Fitness Tips With Tara: The POWER of Protein to Build Muscle

I recently asked long time members of Spring Fitness to describe in one word what comes to mind when they hear the word Protein. Elijah Jackson had this to say: “Gains.” He is spot on.

Protein is vital to assist the muscles in rebuilding and growing after they are broken down during strength training. You know that sore feeling you have after a great training session? Those are torn muscle fibers. So how do we nourish them? Yep. Protein.

Let’s talk about how much protein we should have.

If you want bigger muscles, men, you need more protein. And of course you must lift heavy. The general rule of thumb, for men and women, is 1 gram of protein per pound of body weight and no less than 0.8.

For men who are trying to make those big gains, like Jackson, you can go up to 1.5 grams per pound of body weight. For women who want to maintain their weight, consume .5 to 1 gram of protein per pound of body weight a day. Adjust depending on your hunger level and training schedule.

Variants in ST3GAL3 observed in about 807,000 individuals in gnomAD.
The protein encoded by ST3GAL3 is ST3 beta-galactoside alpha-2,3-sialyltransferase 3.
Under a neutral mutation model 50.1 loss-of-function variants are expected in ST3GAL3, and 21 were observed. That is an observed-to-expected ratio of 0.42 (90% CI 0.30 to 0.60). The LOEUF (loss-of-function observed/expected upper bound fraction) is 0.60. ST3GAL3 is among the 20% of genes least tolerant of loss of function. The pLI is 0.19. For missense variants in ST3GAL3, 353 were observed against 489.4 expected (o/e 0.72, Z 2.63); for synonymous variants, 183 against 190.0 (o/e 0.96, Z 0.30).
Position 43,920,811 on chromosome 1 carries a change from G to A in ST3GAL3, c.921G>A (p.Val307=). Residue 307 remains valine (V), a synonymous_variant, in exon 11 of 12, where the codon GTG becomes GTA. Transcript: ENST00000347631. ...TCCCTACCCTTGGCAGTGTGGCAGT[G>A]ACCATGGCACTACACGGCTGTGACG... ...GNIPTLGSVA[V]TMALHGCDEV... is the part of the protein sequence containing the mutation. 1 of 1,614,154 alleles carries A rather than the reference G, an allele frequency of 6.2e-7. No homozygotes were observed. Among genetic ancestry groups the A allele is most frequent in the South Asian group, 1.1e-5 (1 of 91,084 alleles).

When is the best time to eat protein? With every meal! But especially after training. This is when your muscles will act as a sponge to absorb your source of protein.

A recent Van’s Facebook graphic suggests swapping walnuts for croutons on your salad for a healthier crunch.

So what are our sources of protein?

  • Eggs
  • Chicken (perfect protein)
  • Fish
  • Beef (lean cuts)
  • Pork (lean cuts)
  • Cheese
  • Milk
  • Nuts
  • Tofu
  • Beans
  • Protein shakes
  • Yogurt

And that’s just to name a few! The more you read labels (upcoming topic!) the more you will learn what and how much you are eating.

NOTE: Too much protein can be detrimental to your health. For example, it can put stress on the kidneys, cause weight gain, and dehydration.

Got a Question for Tara?
Post Below in the Comments!

Fitness Tips With Tara! is a health and exercise series by fitness expert, Tara Campbell (NASM, CPT). Tara teaches aerobics classes and personal training at Spring Fitness at 2400 FM 2920 in Spring, Texas. For more information, please call 281-353-1268.

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